History & Description of St Peters Church, Swingfield
apparent width of the imposing 55ft high tower is increased by
the corner buttresses and external stonework enclosing the spiral
stairs up to the Belfry and Beacon Turret. The Tower was used
throughout the centuries, including the second world war, as a
watch tower against the approach of invaders coming in from the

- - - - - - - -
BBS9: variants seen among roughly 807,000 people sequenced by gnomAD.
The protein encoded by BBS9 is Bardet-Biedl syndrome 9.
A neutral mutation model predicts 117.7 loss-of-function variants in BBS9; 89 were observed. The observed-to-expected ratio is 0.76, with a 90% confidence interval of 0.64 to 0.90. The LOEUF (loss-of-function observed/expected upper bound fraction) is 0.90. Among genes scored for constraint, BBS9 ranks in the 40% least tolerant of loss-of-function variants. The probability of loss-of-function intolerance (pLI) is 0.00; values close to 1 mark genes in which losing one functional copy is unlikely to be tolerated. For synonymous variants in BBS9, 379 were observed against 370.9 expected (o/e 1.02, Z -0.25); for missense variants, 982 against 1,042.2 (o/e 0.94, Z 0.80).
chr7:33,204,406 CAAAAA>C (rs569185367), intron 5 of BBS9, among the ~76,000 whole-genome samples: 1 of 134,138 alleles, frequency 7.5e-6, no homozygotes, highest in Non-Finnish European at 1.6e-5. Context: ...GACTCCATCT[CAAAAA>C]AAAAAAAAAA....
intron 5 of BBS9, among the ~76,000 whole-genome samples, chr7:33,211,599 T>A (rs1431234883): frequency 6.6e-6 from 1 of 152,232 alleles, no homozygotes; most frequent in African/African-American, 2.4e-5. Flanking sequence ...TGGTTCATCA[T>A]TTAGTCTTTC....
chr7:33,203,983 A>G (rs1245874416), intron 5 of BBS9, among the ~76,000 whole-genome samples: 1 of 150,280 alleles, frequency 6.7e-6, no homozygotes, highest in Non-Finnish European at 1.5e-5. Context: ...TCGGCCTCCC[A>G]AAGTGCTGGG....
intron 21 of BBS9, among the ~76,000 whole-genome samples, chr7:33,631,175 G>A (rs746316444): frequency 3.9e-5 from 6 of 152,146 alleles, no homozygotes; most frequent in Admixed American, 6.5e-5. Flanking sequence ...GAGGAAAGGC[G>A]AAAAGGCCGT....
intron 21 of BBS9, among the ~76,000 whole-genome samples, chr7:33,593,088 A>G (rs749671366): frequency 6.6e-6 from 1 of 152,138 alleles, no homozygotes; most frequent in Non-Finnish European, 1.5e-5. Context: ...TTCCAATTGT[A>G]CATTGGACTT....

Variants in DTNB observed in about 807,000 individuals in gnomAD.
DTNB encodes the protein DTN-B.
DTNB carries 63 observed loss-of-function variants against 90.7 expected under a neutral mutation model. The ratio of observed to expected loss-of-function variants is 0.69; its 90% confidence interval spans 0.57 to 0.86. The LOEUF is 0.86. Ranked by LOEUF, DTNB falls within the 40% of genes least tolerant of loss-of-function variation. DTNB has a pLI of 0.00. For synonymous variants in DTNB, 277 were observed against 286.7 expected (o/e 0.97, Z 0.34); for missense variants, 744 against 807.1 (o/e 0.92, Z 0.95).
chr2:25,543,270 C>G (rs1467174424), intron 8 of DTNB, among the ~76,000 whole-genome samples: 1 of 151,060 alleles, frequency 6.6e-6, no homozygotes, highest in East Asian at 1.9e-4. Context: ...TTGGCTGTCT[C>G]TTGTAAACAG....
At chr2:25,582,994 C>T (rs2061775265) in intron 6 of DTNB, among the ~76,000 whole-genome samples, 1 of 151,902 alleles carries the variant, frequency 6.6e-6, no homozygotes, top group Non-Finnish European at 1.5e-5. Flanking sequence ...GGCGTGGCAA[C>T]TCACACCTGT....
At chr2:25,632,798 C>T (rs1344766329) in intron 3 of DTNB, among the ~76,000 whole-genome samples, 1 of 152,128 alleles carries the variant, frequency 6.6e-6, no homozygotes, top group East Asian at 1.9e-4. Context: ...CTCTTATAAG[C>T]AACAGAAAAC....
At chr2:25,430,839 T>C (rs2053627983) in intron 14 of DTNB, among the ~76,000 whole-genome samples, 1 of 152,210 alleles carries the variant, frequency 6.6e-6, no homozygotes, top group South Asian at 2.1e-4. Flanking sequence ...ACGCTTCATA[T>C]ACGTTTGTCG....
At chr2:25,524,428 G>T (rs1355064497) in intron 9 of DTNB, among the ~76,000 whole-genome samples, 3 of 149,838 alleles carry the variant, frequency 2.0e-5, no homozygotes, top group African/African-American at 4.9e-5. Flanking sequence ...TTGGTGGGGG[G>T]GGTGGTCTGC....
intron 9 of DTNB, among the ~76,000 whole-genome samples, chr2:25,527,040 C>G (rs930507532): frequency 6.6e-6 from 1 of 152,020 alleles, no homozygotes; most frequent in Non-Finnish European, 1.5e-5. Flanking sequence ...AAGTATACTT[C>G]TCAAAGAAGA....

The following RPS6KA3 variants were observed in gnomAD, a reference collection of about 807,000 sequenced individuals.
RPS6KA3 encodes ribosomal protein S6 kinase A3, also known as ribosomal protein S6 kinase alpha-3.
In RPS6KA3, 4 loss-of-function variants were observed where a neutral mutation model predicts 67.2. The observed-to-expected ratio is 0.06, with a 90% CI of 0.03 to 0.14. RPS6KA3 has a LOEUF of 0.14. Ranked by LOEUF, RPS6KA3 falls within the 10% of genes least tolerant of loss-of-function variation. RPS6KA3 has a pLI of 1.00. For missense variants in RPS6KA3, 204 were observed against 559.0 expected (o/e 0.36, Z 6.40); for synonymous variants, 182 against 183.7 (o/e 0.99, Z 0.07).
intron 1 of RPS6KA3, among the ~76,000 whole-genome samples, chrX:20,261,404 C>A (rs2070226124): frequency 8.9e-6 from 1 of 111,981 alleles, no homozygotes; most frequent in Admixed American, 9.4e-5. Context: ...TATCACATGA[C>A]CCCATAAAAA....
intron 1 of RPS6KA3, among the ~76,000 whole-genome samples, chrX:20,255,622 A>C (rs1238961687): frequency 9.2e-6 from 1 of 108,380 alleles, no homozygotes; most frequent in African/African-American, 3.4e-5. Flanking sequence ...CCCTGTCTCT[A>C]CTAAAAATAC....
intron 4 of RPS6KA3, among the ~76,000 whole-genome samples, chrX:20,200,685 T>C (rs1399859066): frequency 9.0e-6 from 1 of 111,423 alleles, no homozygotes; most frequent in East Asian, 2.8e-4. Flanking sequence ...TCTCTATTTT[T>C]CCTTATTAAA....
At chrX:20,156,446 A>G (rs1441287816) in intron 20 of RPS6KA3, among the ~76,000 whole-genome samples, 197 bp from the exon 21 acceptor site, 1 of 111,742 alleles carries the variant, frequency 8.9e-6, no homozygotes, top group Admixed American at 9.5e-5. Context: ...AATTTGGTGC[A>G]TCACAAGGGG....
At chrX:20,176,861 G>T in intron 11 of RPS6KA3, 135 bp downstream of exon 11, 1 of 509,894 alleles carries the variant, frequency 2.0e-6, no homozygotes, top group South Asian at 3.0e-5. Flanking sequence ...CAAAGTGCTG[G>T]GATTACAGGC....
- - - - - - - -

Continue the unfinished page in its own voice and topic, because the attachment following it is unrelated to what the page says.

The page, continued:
channel, and the turret would originally have been used as a signal
ring of three bells installed early in the reign of King Edward
V1th, was recast in 1696 by the John Wood foundry of Bishopsgate,
London, during the reign of William & Mary. These bells gave
rise to the name ‘The Three Bells’ for the Inn which
was until 2001 established in the premises opposite the Church.
Two of the bells were sold in 1796 by the vicar, Philip Papillon,
to ‘defray the cost of repairs to the nave‘. The sole
remaining bell is inscribed ‘John Richards, W’ (Church
Warden), ‘1696 by me JW’ (John Woods).